Foreigners are permitted to own land in Ghana, but all land is sold in a leasehold agreement. Expats can own land for a maximum of 50 years. Nationals can own land for a maximum of 99 years.
You should also note that there are four different types of land in Ghana (government, vested, customary/stool and family/private), and some of them cannot be privately owned. Depending on the type of land you wish to purchase, you may have to deal with different authorities. Be vigilant about seeing official ownership papers on any properties you are considering. The Land Registration Division of the Lands Commission will be able to help with this step.
You should also ensure that an independent licensed surveyor prepares a plan that details exactly where your property is. This can help with ownership disputes in the future.
The emerging middle class and the growing expatriate community in Ghana has led to a high demand on the national housing market. Local companies and the government are working hard to meet this demand, but there remains a housing shortage.
Prices generally range between USD 100 000 - USD 400 000 for a 3 or 4 bedroom house in a nice neighbourhood.
There are a number of online websites that focus on buying property in Ghana. They include:
Ghana News has classified sections in their print-version that advertises properties for sale. These classifieds are not available online.
Public postings and personal networks is, like with renting, a popular and easier way to find homes for sale. Keep an eye out for fliers at expat hangouts in Accra, and be sure to ask around. Word of mouth can be very helpful when it comes to navigating the real estate market.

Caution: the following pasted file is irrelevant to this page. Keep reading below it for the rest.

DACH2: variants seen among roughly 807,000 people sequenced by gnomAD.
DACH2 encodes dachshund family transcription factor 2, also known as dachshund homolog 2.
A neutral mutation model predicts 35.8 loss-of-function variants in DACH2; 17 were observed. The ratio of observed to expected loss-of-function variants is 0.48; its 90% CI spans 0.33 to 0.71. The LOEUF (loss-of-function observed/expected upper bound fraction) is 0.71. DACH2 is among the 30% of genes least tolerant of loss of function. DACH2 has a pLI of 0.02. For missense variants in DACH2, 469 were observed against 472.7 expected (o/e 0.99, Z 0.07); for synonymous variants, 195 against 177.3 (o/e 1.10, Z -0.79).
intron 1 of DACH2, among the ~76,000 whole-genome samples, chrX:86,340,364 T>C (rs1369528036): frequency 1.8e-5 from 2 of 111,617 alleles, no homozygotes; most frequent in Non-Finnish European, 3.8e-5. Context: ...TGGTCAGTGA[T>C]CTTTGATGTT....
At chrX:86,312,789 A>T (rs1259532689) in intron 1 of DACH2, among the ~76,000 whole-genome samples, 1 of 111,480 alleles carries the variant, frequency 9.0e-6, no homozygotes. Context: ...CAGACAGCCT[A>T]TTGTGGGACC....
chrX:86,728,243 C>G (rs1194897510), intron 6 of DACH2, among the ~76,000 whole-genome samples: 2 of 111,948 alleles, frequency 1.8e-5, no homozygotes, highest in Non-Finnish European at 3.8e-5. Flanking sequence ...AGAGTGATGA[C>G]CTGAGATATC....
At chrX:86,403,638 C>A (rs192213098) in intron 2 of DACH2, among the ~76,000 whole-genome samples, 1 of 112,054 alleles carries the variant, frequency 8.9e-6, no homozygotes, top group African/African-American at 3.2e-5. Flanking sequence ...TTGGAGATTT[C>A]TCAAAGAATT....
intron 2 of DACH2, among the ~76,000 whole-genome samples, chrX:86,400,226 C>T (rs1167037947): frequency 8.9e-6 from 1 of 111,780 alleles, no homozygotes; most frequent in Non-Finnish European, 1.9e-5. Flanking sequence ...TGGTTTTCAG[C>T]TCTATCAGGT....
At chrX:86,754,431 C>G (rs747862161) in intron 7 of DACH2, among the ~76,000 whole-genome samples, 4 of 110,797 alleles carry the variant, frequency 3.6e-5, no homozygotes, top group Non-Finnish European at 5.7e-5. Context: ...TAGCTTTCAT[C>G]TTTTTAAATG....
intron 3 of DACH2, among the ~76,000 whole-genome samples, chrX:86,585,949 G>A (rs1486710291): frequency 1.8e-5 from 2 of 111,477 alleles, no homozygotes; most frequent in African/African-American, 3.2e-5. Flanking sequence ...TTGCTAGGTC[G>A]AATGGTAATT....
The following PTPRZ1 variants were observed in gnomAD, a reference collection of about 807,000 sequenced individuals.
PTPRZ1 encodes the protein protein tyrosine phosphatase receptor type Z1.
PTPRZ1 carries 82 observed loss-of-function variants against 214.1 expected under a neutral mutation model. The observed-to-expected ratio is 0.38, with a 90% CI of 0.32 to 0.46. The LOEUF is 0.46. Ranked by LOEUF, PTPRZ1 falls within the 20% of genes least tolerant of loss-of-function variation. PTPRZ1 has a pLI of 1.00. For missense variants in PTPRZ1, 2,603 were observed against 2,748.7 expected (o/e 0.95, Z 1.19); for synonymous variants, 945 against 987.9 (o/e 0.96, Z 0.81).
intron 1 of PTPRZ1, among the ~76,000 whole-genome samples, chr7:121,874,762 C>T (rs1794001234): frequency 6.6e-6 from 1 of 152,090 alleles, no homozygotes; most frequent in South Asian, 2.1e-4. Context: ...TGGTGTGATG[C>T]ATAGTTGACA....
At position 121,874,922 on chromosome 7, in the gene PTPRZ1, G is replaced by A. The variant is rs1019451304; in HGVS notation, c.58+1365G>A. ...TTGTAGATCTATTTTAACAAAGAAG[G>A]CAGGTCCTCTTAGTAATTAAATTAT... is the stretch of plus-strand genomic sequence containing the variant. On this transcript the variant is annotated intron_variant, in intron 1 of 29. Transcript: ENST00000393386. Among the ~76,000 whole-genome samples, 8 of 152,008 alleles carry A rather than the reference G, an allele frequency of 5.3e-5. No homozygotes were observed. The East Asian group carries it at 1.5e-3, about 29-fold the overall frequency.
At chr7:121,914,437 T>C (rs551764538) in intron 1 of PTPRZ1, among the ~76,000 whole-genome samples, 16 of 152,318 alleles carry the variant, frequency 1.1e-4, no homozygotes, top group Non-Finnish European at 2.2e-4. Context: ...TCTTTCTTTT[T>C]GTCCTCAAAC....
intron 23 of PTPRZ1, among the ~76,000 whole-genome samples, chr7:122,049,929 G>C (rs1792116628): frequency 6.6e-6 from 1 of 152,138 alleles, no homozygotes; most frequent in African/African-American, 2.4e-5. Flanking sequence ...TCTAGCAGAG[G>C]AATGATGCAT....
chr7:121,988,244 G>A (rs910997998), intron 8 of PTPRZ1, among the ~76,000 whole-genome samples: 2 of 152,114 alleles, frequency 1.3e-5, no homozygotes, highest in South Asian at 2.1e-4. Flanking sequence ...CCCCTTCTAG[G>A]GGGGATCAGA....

There are quite a lot of estate agents located in Accra. Typically, they work for a 5% commission. The estate agency market is currently unregulated.
Try to gather recommendations from friends or family in country, and ask your work/volunteer organization for recommendations. Your chances of finding a reputable agent are much better if they have been vouched for by someone you know.
Before making a payment, it is wise to draft a purchase and transfer agreement between you and the seller. Hiring a lawyer will help with this process.
You will also need to organize permits, again with a local professional. This will ensure that you follow any building codes/laws. If you are building a home, you will also need to familiarize yourself with the rules that govern how and when you can/must build.
Once the transaction is complete, you must inform the Lands Commission. They will grant you a title certificate and cadastral plan at a later date. It is extremely important that you do this properly - mistakes will make the land difficult to sell in the future.
The World Bank publishes a helpful guide that further details the steps involved with purchasing land.